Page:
The 1924 Immigration Act restricted immigration into the United States to 150,000 a year based on quotas (Ngai 1999, 67). Mae Ngai argues that “while not subject to numerical quotas or restrictions on naturalization, Mexicans were profoundly affected by restrictive measures enacted in the 1920s, amend them deportation policy, the creation of the Border Patrol, and the criminalization of unlawful entry” (Ngai 1999, 71). The repeal of these acts in 1965 allowed more immigrants from many countries, including those in Africa and Asia. This act did not help immigrants from Mexico legally enter the U.S., however. Douglas Massey and Karen Pren argue that “the surge in immigration from Latin America occurred in spite of rather than because of the new system” (Massey 2012, 1) I will be examining how first generation Mexican immigration changed in the U.S. between 1950 and 2000 to see how their numbers in the U.S. change relative to immigrants from other countries, as well as where they settle.
Data and Methods
In order to analyze the immigration patterns of people born in Mexico, I used Integrated Public-Use Microdata Series (IPUMS) 1% samples from 1950-2000. For the 1970 data, I used the 1% metro form 1 sample, and for 1980, I used the 1% metro sample.
I use PERWT to calculate the number of people born in Mexico in each state in each year. The IPUMS variable BPL represents the birthplace of each observation. The values of BPL include all 50 U.S. states, as well as U.S. territories, and many countries around the world. For my analysis, I will only be looking at the BPL code corresponding to “Mexico.” This is the main variables I use in my analysis, along with the STATEFIP code of the current location of the individual.
I use the IPUMS data to explore the estimated number of first-generation Mexican immigrants in the United States from 1950 to 2000, the percent of the U.S. foreign-born population born in Mexico over the same time period, as well as the states in which these immigrants settle.
First, in order to get a general idea of how Mexican immigration has changed over time, I calculate both the total number of Mexican immigrants, as well as the percent of foreign-born people who were born in Mexico. Figures 1 and 2 show these results.
After gaining a general understanding of the time trends of Mexican immigration, I break down the data by state to see where these first-generation immigrants settled once they arrived. I calculate the percent of foreign-born people born in Mexico in each state to see where they tended to settle. I do this in for two years, 1950 and 2000 (see Figures 3 and 4). I choose these years because they give two snapshots of Mexican immigration- one before the 1965 Immigration Act and end of the Bracero Program, and another that gives a more modern look at where Mexican immigrants have settled over time. I choose to use the percent of the foreign-born population that is Mexican, rather than the number of Mexican-born U.S. citizens, because I think that is a better metric for showing how the number of immigrants is changing relative to other immigrant populations. Using just the number of Mexican immigrants could be misleading if immigration from other countries is growing as well. Therefore, I look at how the Mexican immigrant population is changing relative to immigration from all other countries. The purpose of the maps is to show regions where immigrants from Mexico were settling in the United States.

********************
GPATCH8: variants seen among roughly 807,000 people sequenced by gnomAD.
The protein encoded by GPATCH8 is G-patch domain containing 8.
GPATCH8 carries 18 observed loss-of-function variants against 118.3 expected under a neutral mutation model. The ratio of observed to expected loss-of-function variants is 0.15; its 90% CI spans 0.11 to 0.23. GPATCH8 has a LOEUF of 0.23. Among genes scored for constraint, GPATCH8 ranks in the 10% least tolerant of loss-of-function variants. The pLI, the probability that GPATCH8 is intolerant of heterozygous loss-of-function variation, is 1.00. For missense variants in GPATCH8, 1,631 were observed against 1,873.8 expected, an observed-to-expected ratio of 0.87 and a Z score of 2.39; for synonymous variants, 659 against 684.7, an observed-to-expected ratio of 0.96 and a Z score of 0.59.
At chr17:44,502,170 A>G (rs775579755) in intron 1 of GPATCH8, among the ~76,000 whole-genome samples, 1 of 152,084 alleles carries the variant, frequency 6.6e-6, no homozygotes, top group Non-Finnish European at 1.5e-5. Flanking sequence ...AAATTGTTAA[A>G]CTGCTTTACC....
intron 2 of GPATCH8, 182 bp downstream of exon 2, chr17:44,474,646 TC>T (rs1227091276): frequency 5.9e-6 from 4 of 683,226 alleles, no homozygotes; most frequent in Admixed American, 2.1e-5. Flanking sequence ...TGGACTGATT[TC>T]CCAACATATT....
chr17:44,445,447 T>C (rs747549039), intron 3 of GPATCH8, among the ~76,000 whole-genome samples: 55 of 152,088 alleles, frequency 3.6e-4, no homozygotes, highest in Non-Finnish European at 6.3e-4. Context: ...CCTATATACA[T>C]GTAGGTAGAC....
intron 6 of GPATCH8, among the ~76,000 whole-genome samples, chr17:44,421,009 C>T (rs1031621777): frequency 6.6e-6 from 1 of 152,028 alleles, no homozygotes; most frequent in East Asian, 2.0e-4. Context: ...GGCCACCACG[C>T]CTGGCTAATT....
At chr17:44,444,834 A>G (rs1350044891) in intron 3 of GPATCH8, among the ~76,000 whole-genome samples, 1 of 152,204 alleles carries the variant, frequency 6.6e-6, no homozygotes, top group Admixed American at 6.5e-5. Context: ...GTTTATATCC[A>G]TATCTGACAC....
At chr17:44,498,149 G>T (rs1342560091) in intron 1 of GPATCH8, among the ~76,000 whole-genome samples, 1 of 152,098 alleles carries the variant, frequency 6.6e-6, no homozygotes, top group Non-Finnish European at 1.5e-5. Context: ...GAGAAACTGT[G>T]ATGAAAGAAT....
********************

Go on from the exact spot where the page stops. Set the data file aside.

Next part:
In this analysis, I am defining a Mexican immigrant as someone who is born in Mexico who currently lives in a U.S. state. It is important to note that being born in Mexico and moving to the U.S. does not mean they are a Mexican race, or identify as “Mexican.” My results are therefore estimations, and could be biased by those born in Mexico who are not Mexican, and then moved to the United States. It is also impossible to tell from my analysis whether a person was born in Mexico, moved to another country, and then moved to the United States.
The R code I used to generate the results below can be found here.
The number of people who were born in Mexico and lived in the United States at the time of the census, which I am roughly defining as a “Mexican immigrant,” increased exponentially from 1950 to 2000, which is shown in Figure 1. The increase in Mexican immigrant population is steady and gradual until 1980, when the immigrant population more than doubles from the previous census. This doubling pattern continues in 1990 and 2000.